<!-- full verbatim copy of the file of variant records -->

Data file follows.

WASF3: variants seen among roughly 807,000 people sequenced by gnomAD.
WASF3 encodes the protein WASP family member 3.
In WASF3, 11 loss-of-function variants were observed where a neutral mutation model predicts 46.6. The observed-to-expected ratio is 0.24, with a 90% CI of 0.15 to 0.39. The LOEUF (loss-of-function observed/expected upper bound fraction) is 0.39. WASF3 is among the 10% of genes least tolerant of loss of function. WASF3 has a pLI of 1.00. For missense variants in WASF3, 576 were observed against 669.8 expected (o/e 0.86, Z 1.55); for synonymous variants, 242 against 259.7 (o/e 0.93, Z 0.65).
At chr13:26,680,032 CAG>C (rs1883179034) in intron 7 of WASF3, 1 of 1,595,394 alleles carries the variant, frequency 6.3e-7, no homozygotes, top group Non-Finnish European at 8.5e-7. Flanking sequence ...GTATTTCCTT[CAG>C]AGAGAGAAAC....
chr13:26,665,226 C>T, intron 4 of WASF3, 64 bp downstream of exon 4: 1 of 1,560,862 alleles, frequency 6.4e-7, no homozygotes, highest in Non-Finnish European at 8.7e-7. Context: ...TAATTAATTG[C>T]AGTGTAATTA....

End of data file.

WASF3: variants seen among roughly 807,000 people sequenced by gnomAD.
WASF3 encodes the protein WASP family member 3.
In WASF3, 11 loss-of-function variants were observed where a neutral mutation model predicts 46.6. The observed-to-expected ratio is 0.24, with a 90% CI of 0.15 to 0.39. The LOEUF (loss-of-function observed/expected upper bound fraction) is 0.39. WASF3 is among the 10% of genes least tolerant of loss of function. WASF3 has a pLI of 1.00. For missense variants in WASF3, 576 were observed against 669.8 expected (o/e 0.86, Z 1.55); for synonymous variants, 242 against 259.7 (o/e 0.93, Z 0.65).
At chr13:26,680,032 CAG>C (rs1883179034) in intron 7 of WASF3, 1 of 1,595,394 alleles carries the variant, frequency 6.3e-7, no homozygotes, top group Non-Finnish European at 8.5e-7. Flanking sequence ...GTATTTCCTT[CAG>C]AGAGAGAAAC....
chr13:26,665,226 C>T, intron 4 of WASF3, 64 bp downstream of exon 4: 1 of 1,560,862 alleles, frequency 6.4e-7, no homozygotes, highest in Non-Finnish European at 8.7e-7. Context: ...TAATTAATTG[C>T]AGTGTAATTA....